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Critical Care Research and Practice
Volume 2013, Article ID 856747, 9 pages
Clinical Study

Is Vitamin D Insufficiency Associated with Mortality of Critically Ill Patients?

1Division of Critical Care Medicine, Department of Internal Medicine, Gazi University Faculty of Medicine, Besevler, 06510 Ankara, Turkey
2Department of Medical Biochemistry, Gazi University Faculty of Medicine, Besevler, 06510 Ankara, Turkey

Received 9 August 2013; Revised 28 September 2013; Accepted 13 October 2013

Academic Editor: Stephen M. Pastores

Copyright © 2013 Gulbin Aygencel et al. This is an open access article distributed under the Creative Commons Attribution License, which permits unrestricted use, distribution, and reproduction in any medium, provided the original work is properly cited.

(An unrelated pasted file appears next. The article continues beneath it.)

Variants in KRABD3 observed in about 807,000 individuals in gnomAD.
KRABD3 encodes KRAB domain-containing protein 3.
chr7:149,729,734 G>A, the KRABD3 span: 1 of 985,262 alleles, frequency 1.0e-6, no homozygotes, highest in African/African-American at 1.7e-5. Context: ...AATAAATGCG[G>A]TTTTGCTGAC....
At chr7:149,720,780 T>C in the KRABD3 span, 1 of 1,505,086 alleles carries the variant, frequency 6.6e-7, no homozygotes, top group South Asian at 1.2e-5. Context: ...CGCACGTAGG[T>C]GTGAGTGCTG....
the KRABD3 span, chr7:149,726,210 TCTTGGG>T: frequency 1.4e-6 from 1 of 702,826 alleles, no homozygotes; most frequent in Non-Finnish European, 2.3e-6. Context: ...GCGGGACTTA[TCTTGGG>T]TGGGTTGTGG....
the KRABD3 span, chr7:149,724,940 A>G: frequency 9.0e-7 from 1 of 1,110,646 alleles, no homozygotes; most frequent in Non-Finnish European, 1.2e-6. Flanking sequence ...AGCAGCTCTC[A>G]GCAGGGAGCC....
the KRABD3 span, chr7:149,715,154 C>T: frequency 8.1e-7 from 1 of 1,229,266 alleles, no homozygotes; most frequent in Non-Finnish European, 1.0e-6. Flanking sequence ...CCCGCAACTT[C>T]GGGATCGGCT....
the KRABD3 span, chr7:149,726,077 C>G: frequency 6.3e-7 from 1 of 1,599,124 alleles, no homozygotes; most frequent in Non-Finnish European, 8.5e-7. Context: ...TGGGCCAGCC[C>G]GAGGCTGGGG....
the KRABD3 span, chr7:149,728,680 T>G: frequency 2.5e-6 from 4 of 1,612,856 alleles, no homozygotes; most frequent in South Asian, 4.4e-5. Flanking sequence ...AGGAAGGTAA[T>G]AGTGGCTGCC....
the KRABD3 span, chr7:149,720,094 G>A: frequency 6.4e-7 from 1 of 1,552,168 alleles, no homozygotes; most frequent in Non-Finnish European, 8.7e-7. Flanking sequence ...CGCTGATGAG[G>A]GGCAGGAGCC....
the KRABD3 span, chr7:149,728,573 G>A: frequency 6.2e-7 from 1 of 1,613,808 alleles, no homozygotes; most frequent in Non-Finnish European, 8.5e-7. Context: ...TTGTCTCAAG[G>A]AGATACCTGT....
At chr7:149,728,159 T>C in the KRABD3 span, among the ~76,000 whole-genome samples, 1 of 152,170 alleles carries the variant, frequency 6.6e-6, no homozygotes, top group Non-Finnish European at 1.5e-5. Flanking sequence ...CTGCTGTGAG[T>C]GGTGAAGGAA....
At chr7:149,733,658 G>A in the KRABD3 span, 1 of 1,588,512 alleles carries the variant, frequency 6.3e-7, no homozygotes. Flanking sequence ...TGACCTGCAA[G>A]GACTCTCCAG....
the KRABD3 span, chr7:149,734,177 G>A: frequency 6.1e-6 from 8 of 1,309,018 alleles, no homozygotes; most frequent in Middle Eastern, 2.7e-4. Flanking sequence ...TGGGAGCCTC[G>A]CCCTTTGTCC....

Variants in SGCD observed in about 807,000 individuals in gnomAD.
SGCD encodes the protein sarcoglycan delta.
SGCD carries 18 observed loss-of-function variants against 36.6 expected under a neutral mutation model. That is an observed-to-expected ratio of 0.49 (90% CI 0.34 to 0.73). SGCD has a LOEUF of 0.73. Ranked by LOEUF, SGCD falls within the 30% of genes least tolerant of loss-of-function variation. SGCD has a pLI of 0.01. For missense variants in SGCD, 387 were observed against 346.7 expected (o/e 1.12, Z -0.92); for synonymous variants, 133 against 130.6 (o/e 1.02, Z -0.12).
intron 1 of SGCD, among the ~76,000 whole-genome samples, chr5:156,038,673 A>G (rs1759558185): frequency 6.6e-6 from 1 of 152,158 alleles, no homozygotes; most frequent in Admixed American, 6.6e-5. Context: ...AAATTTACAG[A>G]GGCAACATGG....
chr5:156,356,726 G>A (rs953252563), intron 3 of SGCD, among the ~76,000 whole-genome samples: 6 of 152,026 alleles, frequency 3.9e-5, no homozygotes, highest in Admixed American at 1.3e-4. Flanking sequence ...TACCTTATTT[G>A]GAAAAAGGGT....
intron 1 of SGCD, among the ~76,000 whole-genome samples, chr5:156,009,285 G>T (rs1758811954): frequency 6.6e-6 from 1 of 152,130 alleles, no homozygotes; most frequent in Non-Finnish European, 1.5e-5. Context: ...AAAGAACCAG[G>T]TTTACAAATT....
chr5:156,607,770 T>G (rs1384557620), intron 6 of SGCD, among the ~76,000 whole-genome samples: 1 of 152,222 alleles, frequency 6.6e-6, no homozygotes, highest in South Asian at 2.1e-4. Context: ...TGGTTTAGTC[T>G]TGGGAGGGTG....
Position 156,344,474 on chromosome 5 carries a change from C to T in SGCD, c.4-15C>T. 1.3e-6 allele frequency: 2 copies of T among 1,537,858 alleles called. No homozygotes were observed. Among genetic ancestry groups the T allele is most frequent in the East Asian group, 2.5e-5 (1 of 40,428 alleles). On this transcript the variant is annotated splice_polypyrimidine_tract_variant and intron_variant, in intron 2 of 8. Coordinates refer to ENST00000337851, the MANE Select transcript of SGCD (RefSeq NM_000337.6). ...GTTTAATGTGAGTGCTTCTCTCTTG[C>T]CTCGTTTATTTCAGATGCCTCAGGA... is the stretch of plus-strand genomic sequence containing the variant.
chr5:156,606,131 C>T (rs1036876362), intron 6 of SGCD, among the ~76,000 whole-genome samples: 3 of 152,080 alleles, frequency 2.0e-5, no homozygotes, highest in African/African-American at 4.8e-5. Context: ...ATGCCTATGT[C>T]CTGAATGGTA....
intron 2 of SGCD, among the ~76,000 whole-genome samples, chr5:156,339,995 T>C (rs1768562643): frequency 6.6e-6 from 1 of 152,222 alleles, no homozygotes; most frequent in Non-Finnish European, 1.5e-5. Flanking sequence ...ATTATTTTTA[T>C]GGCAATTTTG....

Objective. To evaluate the vitamin D status of our critically ill patients and its relevance to mortality. Patients and Methods. We performed a prospective observational study in the medical intensive care unit of a university hospital between October 2009 and March 2011. Vitamin D levels were measured and insufficiency was defined as <20 ng/mL. Results. Two hundred and one patients were included in the study. The median age was 66 (56–77) and the majority of patients were male (56%). The median serum level of vitamin D was 14,9 ng/mL and 139 (69%) patients were vitamin D insufficient on admission. While we grouped the ICU patients as vitamin D insufficient and sufficient, vitamin D insufficient patients had more severe acute diseases and worse laboratory values on admission. These patients had more morbidities and were exposed to more invasive therapies during stay. The mortality rate was significantly higher in the vitamin D insufficient group compared to the vitamin D sufficient group (43% versus 26%, ). However, logistic regression analysis demonstrated that vitamin D insufficiency was not an independent risk factor for mortality. Conclusion. Vitamin D insufficiency is common in our critically ill patients (69%), but it is not an independent risk factor for mortality.